All stairs, from the humblest flight of cellar stairs to the
most elegant curved entryway stairs, share the same broad
functional requirements: to provide safe and comfortable
passage from one level of a house to another.
But beyond practical considerations, a main stair is also one
of a home's most important design features. It's often located
in the front entry, where its craftsmanship is on display, and
its positioning and layout have an important bearing on the
overall character of the space it serves.
Consider the moderately scaled traditional entryway
illustrated in Figure 1, which includes vertical circulation
space to the second floor as well as horizontal circulation in
three directions. The single-run stair is set off to one side
of the hall to save space in this relatively tight passage. To
avoid feeling cramped, an entry benefits from a 5-foot clear
space beyond the swing of the front door for greeting guests,
which this plan just achieves.
Figure 1.In order to ease the effort of the climb,
a single-run straight stair should use deeper treads and
shorter risers than a stair that contains a landing. The
guardrail has an open, airy appearance, which adds a sense of
spaciousness to a hallway that might otherwise feel narrow.
Simple round, tapered wooden balusters are an attractive
alternative to the heavy turned colonial balusters found in
many spec homes.
Had an L-shaped stair been used instead, it would have closed
off the straight-ahead path to the rear of the house and forced
all circulation through the more formal front rooms to either
side. At 3 feet 6 inches wide, the stair shown here is more
comfortable than the general building code minimum width of 3
feet, but it's not overly grand and doesn't draw too much
attention to itself.
The no-nonsense mood of this entry extends to the opening in
the floor above, which is no larger than the stair itself.
While it might seem appealing to give the entry a more open
feel by enlarging the opening above, that could be a mistake,
limiting upstairs floor space and privacy without improving the
downstairs (Figure 2).
Figure 2.With a straight stair in a tight
entryway, it's seldom practical to enlarge the stair opening
enough to give the entry a more open feel. The narrow slot next
to the stair opening just seems awkward.
Like the previous entryway, the version in Figure 3 provides a
greeting space, access to a closet, and circulation. But here
the scale is slightly increased, and the flow through the space
has a more expansive, less traditional feel. Rather than
entering into the center of the home, this entrance is off to
one side to allow the stair to follow the ell shape of the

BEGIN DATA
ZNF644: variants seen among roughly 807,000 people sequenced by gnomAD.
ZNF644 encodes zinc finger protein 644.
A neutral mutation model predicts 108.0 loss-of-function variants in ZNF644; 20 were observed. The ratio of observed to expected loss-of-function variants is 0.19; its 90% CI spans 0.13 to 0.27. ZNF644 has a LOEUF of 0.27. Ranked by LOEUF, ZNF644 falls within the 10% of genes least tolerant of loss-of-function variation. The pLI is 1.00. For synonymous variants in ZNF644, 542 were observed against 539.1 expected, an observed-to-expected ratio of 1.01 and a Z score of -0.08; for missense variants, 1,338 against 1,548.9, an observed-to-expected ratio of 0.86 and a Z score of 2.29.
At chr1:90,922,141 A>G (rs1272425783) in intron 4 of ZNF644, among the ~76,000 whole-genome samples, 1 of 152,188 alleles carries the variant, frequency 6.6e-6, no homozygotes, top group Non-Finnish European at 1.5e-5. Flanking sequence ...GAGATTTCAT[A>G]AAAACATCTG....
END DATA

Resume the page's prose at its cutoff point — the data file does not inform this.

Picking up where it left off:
Figure 3.In a slightly larger entry with an
ell-shaped stair, the second-floor opening extends across to
the living room entry. This helps tie the spaces together and
allows the main hall and stair to act as spillover living and
The generous width and length of the room allow it to
accommodate a comfortable ell stair as well as a gathering of
guests and furnishings, making this entry suitable for
entertaining. Thanks to the intermediary landing where the
stair changes direction, there's opportunity when descending to
pause and take in the scene below as well as to be seen. The
stair's change of direction prevents guests below from seeing
directly into the private realm of the hall above.
The width of the ell stair is 4 feet at each run to correspond
to the larger overall scale of the space. The increased scale
also makes it possible to extend the second-floor opening well
beyond the stair to admit daylight from above. The
double-height space adds a touch of drama, drawing guests away
from the side hall toward the main entertaining space of the
adjacent living room.
The "semi-open" guardrail used here is a whimsical collection
of simple components. It needn't be as open as the guardrail
illustrated in the straight stair example since the space it
occupies isn't as confining. Some small solid infill panels
produce a decorative treatment without creating a visually
heavy guardrail. The closed stringer provides a little more
flexibility in developing a baluster rhythm independent of the
treads. The overall guardrail pattern may be influenced by
other motifs in the home or might introduce a theme to be
reflected elsewhere. The post-to-post rail acknowledges the
slower pace of ascending a stair that includes an intermediary
landing and change of direction.
Katie Hutchisonis an architect and owner of Earthlight
Design in Salem, Mass.